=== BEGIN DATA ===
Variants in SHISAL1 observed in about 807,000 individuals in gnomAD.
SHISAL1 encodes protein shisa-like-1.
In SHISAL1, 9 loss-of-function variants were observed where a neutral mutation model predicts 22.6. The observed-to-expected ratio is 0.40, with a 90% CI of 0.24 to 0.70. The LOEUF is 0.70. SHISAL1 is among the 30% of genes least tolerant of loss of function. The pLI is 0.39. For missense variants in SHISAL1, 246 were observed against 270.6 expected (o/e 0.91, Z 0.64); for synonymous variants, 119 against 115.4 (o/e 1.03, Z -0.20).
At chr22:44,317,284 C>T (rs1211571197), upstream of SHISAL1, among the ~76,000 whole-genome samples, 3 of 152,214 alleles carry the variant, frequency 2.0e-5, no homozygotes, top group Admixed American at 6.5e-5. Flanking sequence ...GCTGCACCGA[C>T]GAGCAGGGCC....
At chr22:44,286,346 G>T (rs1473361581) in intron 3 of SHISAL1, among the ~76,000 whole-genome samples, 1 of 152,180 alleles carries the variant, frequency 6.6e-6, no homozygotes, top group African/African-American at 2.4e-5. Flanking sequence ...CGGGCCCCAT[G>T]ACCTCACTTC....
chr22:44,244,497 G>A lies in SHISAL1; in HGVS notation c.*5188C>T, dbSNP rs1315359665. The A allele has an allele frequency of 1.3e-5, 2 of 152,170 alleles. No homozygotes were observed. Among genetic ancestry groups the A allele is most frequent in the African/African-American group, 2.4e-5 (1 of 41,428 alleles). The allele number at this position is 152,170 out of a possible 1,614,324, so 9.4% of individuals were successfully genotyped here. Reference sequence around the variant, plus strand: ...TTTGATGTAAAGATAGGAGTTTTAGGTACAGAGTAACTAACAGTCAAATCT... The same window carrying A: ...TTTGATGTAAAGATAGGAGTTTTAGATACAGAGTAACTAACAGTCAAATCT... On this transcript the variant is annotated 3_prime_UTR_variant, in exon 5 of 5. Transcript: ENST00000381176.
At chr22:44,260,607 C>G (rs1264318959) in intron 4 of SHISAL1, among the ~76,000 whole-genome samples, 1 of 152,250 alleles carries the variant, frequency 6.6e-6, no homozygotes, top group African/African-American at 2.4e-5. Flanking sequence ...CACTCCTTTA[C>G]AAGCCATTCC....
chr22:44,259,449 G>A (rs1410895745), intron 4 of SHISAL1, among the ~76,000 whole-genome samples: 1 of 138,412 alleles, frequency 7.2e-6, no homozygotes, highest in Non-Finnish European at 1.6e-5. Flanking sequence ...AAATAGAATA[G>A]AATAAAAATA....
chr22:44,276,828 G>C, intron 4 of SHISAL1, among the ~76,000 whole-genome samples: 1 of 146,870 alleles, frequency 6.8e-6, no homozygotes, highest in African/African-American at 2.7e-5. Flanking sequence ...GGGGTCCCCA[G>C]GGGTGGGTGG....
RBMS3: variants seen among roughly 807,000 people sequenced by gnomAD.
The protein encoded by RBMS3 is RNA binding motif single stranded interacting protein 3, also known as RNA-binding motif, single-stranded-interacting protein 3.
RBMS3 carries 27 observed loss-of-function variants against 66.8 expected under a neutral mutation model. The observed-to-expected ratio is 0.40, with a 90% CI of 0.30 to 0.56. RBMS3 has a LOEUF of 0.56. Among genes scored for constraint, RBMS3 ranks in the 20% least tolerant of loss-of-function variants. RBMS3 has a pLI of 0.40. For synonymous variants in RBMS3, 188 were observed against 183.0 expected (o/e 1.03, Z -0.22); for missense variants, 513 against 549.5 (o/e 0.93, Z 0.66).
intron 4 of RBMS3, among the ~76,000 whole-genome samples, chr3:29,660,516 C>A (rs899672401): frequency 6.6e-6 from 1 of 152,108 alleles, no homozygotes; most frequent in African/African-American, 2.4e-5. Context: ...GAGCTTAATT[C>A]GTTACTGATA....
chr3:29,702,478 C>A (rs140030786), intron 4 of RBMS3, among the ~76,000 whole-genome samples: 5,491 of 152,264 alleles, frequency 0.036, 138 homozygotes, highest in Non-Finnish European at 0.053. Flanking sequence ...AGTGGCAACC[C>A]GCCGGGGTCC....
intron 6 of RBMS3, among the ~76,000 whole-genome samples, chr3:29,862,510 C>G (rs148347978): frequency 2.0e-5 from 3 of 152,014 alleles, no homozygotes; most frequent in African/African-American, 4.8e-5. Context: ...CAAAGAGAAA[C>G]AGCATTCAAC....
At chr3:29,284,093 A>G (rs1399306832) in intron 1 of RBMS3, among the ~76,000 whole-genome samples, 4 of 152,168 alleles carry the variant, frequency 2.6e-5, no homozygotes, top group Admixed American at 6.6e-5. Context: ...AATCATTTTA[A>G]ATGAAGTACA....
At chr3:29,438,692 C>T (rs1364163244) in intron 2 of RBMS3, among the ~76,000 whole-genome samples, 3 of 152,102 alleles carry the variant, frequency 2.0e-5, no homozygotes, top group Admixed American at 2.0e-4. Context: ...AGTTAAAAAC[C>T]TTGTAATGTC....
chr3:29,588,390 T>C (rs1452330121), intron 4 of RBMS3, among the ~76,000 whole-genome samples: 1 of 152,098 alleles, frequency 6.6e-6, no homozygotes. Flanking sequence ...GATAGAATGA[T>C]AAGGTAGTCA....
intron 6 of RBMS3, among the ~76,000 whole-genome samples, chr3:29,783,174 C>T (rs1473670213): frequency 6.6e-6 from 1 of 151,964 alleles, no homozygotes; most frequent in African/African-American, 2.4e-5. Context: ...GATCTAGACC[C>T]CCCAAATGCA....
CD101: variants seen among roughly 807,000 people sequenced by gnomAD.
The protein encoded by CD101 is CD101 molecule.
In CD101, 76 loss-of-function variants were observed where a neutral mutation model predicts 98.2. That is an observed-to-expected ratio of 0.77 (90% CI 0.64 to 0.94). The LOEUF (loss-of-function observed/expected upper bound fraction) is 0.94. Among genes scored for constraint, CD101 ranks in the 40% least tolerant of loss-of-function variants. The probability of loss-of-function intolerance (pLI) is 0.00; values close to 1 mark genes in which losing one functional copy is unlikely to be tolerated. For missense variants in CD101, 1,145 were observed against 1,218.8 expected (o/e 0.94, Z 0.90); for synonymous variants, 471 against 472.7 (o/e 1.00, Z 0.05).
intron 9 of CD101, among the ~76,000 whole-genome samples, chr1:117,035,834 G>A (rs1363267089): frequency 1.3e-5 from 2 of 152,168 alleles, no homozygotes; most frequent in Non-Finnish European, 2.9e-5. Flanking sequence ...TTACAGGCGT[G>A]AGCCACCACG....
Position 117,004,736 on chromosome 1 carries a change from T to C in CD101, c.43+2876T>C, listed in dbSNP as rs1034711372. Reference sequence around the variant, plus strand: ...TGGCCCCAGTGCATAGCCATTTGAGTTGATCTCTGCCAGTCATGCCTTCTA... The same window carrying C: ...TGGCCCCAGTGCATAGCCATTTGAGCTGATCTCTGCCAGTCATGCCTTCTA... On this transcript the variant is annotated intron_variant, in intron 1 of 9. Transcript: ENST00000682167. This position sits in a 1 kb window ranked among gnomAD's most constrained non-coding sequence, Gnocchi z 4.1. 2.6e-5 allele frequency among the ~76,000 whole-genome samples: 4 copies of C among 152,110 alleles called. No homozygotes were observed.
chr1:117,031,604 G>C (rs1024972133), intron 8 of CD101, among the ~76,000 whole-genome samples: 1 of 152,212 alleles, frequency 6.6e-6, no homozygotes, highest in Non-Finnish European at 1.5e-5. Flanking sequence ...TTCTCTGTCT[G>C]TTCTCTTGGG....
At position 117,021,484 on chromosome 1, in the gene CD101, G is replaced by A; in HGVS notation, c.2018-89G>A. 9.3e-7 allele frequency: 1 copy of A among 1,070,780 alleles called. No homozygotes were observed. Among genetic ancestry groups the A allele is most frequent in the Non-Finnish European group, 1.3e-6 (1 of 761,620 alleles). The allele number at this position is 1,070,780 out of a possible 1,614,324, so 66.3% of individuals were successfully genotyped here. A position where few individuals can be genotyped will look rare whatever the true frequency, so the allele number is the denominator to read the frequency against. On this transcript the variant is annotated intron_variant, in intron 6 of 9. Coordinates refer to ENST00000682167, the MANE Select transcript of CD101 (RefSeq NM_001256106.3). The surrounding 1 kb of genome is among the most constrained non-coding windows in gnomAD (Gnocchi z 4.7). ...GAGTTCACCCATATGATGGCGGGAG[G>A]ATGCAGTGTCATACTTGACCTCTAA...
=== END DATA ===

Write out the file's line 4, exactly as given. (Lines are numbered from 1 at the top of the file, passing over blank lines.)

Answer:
At chr22:44,317,284 C>T (rs1211571197), upstream of SHISAL1, among the ~76,000 whole-genome samples, 3 of 152,214 alleles carry the variant, frequency 2.0e-5, no homozygotes, top group Admixed American at 6.5e-5. Flanking sequence ...GCTGCACCGA[C>T]GAGCAGGGCC....